Hi-res audio and lossless streaming are hitting the mainstream through services like Amazon, Spotify, and Apple Music, making great sound more accessible than ever. But wireless headphones and speakers have been left out in the cold, thanks to Bluetooth’s ho-hum audio. Enter Qualcomm’s brand-new aptX Lossless codec — the firmware that processes, transmits, and receives digital audio from source to listening device — and you’ve got a potential game changer for streaming audio from these services over Bluetooth with no fidelity loss. The potential for Bluetooth audiophile sound is long-awaited news, but you’ll have to settle for CD-quality (16-bit/24kHz) audio for now, and if you’re using Apple and/or Beats hardware, they use a proprietary codec and haven’t yet announced any hardware support.
What about the sea of truly high-resolution recordings made at 24-bit/96kHz, which are better than CD-quality? Those are still off the table for Bluetooth, but the rate at which the technology has been evolving seems to indicate that we’re only a generation or two of codecs away from that kind of hi-res audio support.
aptX Lossless still relies on great hardware to reproduce audio, meaning the Bluetooth experience will still only be as good as the weakest link in the chain. Let’s take a look at what’s required to create a satisfying end-to-end digital audiophile experience.
Qualcomm’s aptX Lossless codec aims to make Bluetooth a viable option for digital audiophiles wanting CD-quality wireless audio. How far it will go depends on not just how many but which companies adopt it, as well as on whether discerning listeners will hold out for the promise of even higher-res audio down the line.
First, let’s get hip to some lingo. Sample rate refers to how many digital “slices” comprise each sound in the recording; more slices means more detail, at least up to a point. Bit depth represents the amount of information contained in each slice and is often used interchangeably with resolution. CD quality is 16-bit/44.1kHz, while “hi-res” audio is considered 24-bit/48kHz and above. It’s a good rule of thumb that acoustic genres like classical, jazz, and folk tend to have a wider range between loud and soft sounds than most rock, pop, and electronic music, and benefit from greater bit depth.
The only way to get CD-quality (and above) audio through Bluetooth’s narrow wireless “pipe” without losing fidelity is to squish it down using lossless compression. Remove data like frequencies outside the range of average human hearing, as well as those that typically aren’t well-reproduced by most consumer-grade headphones or speakers, and the resulting “lossy” file is smaller, but suffers from poor detail, thin bass, and distortions in high-frequency sounds like cymbal crashes. Lossless compression codecs are much choosier about what to remove, resulting in files not being quite as small but with no audible difference from the original (huge) uncompressed file. Lossless files and streams can support 24-bit/192kHz and up , depending on the format, but we’ll have to wait a while for Bluetooth to support that kind of resolution.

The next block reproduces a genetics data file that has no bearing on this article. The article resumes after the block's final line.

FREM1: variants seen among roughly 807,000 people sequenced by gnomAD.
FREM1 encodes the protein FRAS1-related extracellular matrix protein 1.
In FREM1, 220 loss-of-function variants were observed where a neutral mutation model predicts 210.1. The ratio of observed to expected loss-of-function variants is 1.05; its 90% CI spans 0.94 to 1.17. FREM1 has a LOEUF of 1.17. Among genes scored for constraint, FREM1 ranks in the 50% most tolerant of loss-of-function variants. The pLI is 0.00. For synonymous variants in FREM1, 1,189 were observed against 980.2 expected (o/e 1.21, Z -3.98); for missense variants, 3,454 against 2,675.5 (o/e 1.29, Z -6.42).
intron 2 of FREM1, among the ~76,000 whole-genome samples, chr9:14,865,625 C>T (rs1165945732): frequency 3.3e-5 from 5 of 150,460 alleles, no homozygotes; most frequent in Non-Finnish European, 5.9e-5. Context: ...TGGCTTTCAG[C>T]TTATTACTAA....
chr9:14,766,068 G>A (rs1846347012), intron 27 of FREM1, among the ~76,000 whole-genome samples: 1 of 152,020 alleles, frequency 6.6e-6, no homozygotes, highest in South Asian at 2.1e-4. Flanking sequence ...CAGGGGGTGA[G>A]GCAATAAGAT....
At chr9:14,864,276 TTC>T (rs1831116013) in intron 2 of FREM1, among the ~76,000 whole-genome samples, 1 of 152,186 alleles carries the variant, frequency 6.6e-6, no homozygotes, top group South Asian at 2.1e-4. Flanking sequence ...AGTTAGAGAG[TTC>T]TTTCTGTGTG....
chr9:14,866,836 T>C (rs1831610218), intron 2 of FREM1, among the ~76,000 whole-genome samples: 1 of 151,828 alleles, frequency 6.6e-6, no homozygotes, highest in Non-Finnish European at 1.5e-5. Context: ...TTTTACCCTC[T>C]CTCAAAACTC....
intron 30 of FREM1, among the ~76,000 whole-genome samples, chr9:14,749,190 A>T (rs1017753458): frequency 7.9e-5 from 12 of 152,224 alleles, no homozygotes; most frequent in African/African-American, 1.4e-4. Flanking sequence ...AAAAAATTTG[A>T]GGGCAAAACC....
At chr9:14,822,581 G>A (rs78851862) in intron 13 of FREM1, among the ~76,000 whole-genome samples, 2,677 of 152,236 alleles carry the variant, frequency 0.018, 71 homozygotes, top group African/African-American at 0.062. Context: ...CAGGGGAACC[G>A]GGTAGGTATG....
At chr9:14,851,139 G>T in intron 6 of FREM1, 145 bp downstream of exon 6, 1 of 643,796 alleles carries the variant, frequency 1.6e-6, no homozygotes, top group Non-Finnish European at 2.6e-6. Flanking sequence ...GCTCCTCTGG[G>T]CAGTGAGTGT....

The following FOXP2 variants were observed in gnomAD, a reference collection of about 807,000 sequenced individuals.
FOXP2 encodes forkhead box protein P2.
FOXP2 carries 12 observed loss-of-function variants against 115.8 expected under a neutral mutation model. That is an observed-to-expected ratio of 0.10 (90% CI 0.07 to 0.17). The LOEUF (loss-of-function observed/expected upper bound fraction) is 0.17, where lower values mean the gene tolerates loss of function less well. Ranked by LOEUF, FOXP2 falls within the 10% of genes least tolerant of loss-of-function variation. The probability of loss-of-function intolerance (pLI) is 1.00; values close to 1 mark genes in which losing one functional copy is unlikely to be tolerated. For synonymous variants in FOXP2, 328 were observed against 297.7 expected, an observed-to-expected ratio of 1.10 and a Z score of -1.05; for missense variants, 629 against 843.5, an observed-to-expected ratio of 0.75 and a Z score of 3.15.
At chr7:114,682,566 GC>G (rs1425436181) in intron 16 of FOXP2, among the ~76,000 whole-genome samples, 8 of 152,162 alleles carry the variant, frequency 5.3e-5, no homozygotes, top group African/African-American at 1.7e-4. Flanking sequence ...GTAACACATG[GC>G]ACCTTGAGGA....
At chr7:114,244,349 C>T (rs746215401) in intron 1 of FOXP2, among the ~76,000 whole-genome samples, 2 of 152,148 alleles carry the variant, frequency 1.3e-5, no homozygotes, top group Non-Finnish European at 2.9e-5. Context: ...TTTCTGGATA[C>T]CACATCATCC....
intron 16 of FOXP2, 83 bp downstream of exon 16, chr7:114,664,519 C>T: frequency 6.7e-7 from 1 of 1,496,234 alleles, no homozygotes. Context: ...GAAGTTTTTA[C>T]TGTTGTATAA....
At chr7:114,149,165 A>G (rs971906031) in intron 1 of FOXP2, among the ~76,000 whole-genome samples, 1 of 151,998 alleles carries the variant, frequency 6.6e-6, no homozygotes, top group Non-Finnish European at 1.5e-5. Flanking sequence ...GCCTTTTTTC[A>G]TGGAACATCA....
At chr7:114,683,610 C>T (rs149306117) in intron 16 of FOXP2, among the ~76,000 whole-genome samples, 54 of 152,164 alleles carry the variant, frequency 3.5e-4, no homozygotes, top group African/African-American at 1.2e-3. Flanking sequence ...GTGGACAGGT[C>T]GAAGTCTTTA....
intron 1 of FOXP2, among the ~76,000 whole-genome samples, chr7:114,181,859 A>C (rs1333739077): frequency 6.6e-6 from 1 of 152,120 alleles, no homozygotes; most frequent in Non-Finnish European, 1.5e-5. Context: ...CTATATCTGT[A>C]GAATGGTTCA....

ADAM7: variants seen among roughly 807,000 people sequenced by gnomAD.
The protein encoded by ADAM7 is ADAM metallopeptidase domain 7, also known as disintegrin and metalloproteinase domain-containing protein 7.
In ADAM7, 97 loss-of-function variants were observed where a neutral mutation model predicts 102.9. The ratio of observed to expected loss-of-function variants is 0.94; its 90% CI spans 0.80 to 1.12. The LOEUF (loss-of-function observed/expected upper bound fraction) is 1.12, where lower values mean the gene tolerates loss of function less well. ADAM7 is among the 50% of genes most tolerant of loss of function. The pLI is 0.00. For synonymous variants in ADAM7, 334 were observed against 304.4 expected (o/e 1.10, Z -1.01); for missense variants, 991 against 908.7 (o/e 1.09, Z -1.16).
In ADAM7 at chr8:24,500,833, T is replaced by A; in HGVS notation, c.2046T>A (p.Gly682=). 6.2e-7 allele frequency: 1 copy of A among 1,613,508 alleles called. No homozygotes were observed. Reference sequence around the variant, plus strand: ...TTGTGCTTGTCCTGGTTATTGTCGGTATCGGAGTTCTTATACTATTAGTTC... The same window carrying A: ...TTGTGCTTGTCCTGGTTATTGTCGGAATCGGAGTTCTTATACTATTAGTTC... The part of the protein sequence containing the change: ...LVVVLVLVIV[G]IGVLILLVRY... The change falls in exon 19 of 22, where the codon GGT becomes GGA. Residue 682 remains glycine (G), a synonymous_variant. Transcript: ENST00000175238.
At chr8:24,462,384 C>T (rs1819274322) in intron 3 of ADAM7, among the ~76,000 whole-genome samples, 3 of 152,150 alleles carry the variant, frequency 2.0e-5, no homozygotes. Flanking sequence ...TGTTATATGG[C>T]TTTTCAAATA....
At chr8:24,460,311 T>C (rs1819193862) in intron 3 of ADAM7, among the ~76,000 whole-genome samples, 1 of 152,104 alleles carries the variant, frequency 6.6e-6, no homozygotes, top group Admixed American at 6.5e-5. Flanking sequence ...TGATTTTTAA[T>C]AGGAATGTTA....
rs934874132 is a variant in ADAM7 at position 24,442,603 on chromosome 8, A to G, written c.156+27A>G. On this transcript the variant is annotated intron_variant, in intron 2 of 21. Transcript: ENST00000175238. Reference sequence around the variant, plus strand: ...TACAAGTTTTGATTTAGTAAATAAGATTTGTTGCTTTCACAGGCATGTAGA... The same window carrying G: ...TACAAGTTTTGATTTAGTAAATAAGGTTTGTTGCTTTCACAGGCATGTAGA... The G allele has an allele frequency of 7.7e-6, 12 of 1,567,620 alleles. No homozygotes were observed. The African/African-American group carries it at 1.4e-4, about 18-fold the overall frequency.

Codecs are the firmware that compresses, transmits, receives, and decompresses digital audio between devices. There are several on the market, including Sony’s LDAC and Apple’s AAC, but Qualcomm’s aptX HD (introduced in 2016) became widely adopted and offers very good (but still “lossy”) sound. aptX Adaptive came along in 2018 and added the ability to transmit even more data with more efficient (but still “lossy”) compression and greater fidelity. In September 2021, Qualcomm announced that it would include a Bluetooth Lossless codec in its Snapdragon audio chipset, which will enable the transmission of CD-quality audio from smartphones to wireless headphones.
The bottom line is that in order to reap the benefits of all the lossless content out there, listeners comfortable with CD quality will need a smartphone and headphones that support the latest aptX Lossless codec. And those headphones better be high enough grade to be able to reproduce audio with exceptional clarity. If the smartphone has aptX Lossless built in, but the headphones are still stuck at aptX Adaptive or aptX HD, you’re losing audio quality. If your headphones support the latest codec but have cheaply made audio drivers, you’re losing audio quality. The same will go for aptX Lossless-compatible speakers and home A/V components when they eventually become available.
aptX Lossless is currently limited to a handful of Android-based phones from Motorola and Xiaomi, as well as a few unsatisfying-looking sets of wireless earbuds. Apple gear like iPads, AirPods, and Beats are still stuck in the “Lossy” Age, and Apple’s own wireless protocol called AirPlay that supports lossless streaming over Wi-Fi isn’t suited to the low-power requirements of wireless headphones. High-end audio hardware makers like Bowers & Wilkins and Bang & Olufsen that have already dipped into the Bluetooth audio pool are still catching up to the last round of Bluetooth updates, with nothing newer than aptX Adaptive. Bose is another notable absence from the aptX Lossless scene.
Ultimately, if aptX Lossless proves to have reasonably consistent audio quality and finds its way into good-enough hardware, we could see a boom in higher-end wireless audio in 2022. It’s also possible that some companies that cater to audiophiles who demand better-than-CD quality are hedging their bets and waiting until Bluetooth can handle hi-res (24-bit/192kHz) audio — which seems likely in the next two years.